One might assume from this that Stoker was a repressed homosexual. But what that actually means isn’t straightforward. In her essay in the Cambridge Companion, Heike Bauer writes that it was only in Stoker’s day that the boundaries of sexuality started to be fixed – indeed, that the word ‘homosexual’ was coined. In 1897, the same year that Dracula was published, Havelock Ellis and John Addington Symonds argued in Sexual Inversion that same-sex desire was a common state with a long history, albeit an ‘inversion’ of the norm. Before sexuality began to be medicalised, it hadn’t been seen as a label of identity, and distinctions between mutual affection and sexual desire often went unscrutinised. Homosexual preference didn’t have to be incompatible with heterosexual marriage. Oscar Wilde’s marriage can’t simply be dismissed as a matter of social form; neither can Stoker’s. Both men courted the same woman, the Irish beauty Florence Balcombe. She chose Stoker but got little joy from it, and Skal suggests that at the end of her life she regretted that she hadn’t stayed with Wilde, in spite of what had befallen him. The Stokers and the Wildes knew each other in Dublin, but Wilde’s flamboyance seems to have made Stoker wary of the connection when the two men lived in London. Wilde’s trial in 1895 showed what one could expect from public discovery of homosexual activity. There is, in any event, no evidence Stoker had a sexual relationship with another man. What we know of his frustrations, fantasies and fears we know from his stories.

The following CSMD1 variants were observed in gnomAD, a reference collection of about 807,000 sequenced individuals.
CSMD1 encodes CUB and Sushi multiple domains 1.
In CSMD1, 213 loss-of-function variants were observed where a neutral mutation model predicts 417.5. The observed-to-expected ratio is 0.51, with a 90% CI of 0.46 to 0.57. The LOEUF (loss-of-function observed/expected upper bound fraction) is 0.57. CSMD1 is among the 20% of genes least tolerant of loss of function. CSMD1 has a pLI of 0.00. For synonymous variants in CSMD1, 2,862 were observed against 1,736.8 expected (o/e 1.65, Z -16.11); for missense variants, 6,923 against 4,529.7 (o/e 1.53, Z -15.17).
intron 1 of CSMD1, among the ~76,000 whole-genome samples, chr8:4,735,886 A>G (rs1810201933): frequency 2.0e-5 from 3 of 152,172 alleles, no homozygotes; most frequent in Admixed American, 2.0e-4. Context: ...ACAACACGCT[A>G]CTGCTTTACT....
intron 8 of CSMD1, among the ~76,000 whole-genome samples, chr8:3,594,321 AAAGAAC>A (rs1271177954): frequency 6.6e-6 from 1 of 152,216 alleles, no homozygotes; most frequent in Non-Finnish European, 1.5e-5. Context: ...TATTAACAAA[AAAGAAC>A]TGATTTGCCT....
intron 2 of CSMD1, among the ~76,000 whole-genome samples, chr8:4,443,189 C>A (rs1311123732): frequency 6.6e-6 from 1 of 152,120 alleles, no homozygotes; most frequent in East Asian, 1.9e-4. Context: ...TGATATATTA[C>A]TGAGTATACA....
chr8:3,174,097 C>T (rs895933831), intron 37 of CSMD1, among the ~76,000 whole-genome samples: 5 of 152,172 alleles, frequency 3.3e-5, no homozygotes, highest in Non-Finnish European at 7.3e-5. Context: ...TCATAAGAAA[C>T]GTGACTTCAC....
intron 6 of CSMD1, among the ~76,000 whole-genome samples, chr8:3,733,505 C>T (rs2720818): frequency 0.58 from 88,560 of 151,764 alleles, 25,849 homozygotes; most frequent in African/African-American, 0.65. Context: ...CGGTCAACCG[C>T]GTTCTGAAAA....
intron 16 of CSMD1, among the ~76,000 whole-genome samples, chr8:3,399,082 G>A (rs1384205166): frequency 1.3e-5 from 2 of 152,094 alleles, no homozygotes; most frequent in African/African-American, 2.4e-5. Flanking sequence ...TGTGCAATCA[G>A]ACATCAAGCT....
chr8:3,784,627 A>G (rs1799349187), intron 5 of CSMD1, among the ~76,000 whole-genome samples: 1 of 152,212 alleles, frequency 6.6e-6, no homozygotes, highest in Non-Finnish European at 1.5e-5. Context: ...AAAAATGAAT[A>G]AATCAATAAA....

Dracula, Christopher Frayling writes in his preface to the Penguin edition, ‘was probably transgressing something – but the critics weren’t quite sure exactly what’. The author probably wasn’t sure either. All Stoker seems to have wanted to do was to write a successful shocker. Instead he produced what Maurice Richardson describes as ‘a kind of incestuous, necrophilous, oral-anal-sadistic all-in wrestling match’. Something for everyone, in other words. In particular, there was sex. This is from Jonathan Harker’s Transylvanian journal:

The fair girl went on her knees, and bent over me, simply gloating. There was a deliberate voluptuousness which was both thrilling and repulsive, and as she arched her neck she actually licked her lips like an animal, till I could see in the moonlight the moisture shining on the scarlet lips and on the red tongue as it lapped the white sharp teeth … Then the skin of my throat began to tingle as one’s flesh does when the hand that is to tickle it approaches nearer – nearer. I could feel the soft, shivering touch of the lips on the supersensitive skin of my throat, and the hard dents of two sharp teeth, just touching and pausing there. I closed my eyes in a languorous ecstasy and waited – waited with beating heart.

What makes the sensuousness of Dracula so compelling is that Stoker himself was terrified by it. The perils of the wanton woman are displayed in Lucy Westenra, Dracula’s first victim. While her friend, the demure Mina Harker, is safely married to the insipid Jonathan, Lucy is a New Woman, spirited and up for anything. That part of Stoker’s moral, at least, is deliberate: he was disturbed by the assertive modern female, and a girl like Lucy was never going to get a fair deal. ‘Why can’t they let a girl marry three men, or as many as want her?’ she sighs, at the advances of her suitors. All three men do eventually become, in some sense, her partners, after Lucy, weakened by the blood the count has drained, needs a transfusion. Along with Van Helsing, the Dutch professor hunting Dracula, they take it in turn to mingle their fluids with hers. Driving the point home, Van Helsing says: ‘Then this so sweet maid is a polyandrist.’